Al-Ahram Weekly Online   28 April - 4 May 2005
Issue No. 740
Published in Cairo by AL-AHRAM established in 1875

May Day and the absent actor

The keyword these days is reform; but is there any chance of a spillover into the labour movement, asks Fatemah Farag

Click to view caption
Esco workers protest the privatisation of their company

Next week is Labour Day -- that once a year event when the government, and a good part of the opposition, offer their token tributes to Egyptian labour. And yet, with this year's political arena brimming with talk of political reform, little is being said about the labour movement's role in the reform process, or what workers can expect from the widely anticipated "winds of change."

In the words of independent labour activist Kamal Abbas, head of the Centre for Trade Union and Workers Services (CTUWS), "unfortunately, the labour movement's democratic demands are absent from the agenda of change called for by the opposition. Even the political parties that are close to workers' circles -- such as the Tagammu and Nasserist parties -- are only interested now in the laws that regulate political participation and professional syndicates."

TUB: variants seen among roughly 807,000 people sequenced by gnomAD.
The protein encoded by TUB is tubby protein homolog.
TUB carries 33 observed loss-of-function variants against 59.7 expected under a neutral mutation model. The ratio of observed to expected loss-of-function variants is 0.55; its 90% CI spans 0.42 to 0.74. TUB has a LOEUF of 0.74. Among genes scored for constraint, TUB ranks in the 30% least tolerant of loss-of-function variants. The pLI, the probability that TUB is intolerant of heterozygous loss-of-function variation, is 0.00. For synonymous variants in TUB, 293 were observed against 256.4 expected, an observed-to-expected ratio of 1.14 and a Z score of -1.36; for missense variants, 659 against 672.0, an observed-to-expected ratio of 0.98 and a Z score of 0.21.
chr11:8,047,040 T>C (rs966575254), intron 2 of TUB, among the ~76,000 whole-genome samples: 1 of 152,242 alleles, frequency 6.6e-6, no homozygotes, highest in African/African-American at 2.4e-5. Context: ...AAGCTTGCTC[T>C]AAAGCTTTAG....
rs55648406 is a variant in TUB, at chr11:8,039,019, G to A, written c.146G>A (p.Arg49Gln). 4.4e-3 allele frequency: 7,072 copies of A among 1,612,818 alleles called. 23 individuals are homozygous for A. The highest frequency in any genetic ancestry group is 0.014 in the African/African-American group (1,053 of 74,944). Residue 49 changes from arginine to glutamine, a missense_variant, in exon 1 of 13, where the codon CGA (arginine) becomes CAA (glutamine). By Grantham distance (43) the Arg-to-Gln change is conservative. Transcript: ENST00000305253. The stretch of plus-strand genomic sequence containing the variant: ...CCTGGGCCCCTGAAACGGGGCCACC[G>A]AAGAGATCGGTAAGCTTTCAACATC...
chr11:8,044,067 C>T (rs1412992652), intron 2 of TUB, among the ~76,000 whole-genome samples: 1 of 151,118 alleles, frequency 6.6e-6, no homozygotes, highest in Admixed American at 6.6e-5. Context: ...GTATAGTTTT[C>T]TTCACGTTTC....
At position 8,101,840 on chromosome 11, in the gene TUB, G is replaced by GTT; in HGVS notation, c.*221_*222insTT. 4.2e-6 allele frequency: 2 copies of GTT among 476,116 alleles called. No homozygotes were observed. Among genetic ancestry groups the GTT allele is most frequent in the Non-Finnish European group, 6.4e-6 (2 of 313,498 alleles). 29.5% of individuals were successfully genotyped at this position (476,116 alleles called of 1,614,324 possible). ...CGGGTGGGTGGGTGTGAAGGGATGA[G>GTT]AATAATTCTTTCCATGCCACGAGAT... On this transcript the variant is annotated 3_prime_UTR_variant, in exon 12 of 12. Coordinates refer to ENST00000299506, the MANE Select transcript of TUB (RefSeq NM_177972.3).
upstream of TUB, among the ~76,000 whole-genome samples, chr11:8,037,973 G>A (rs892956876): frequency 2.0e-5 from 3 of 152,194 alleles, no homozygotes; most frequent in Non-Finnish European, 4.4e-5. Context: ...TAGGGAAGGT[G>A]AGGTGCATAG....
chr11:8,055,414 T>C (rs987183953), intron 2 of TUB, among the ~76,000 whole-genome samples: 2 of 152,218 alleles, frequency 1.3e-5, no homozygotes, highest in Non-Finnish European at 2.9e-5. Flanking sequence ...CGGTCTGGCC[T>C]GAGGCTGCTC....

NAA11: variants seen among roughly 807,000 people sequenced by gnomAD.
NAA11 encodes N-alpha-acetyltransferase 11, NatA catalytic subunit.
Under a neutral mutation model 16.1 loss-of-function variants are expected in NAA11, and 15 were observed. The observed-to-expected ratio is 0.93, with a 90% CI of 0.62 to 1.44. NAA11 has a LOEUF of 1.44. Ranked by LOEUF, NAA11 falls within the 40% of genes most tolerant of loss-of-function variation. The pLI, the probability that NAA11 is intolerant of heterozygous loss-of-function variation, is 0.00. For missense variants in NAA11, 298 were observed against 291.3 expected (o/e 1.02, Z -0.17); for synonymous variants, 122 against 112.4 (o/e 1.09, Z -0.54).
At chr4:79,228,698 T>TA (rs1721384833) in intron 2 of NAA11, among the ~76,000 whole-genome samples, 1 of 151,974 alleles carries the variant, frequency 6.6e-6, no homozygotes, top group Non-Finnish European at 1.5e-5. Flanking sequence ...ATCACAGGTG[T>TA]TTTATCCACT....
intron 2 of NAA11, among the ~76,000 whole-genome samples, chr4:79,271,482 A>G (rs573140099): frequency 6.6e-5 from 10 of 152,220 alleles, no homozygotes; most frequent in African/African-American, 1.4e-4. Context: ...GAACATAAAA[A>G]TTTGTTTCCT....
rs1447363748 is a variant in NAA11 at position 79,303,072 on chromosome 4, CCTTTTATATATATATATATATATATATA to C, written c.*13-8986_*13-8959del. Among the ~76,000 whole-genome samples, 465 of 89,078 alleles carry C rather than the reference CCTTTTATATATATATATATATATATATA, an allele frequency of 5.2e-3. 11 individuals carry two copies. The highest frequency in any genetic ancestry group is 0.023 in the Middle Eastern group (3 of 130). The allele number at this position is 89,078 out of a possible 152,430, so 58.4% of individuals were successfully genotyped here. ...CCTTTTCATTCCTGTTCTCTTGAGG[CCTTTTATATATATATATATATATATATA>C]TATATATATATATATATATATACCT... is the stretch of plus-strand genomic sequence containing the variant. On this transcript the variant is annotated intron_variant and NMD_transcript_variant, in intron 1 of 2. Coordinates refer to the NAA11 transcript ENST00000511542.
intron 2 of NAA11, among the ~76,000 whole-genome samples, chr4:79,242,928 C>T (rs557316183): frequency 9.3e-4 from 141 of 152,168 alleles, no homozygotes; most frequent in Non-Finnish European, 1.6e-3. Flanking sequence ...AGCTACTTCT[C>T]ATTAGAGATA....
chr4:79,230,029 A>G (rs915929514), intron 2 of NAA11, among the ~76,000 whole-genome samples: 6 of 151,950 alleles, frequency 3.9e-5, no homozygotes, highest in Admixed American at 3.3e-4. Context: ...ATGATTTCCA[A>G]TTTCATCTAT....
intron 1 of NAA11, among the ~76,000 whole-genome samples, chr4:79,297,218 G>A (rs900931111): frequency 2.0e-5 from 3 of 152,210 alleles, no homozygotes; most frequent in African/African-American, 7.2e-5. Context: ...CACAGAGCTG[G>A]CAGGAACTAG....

Instead, old-style rhetoric, reminiscent of the heydays of the Arab Socialist Union (the single party that monopolised political life in the country under Gamal Abdel-Nasser), looks set to colour the agenda of next week's May Day celebrations, as it has continued to do for decades. Sayed Rashed, head of the General Federation of Trade Unions (GFTU), has told the press that, "Egypt's workers and their organisations are the real bulwark of the regime... Egypt's workers, via their national unified trade union, announced that they will remain behind the leader, and that President Hosni Mubarak is the only nominee of the Egyptian working class in the upcoming presidential elections. Labour Day this year is a celebration of 20 million workers' support for, and nomination of, the president."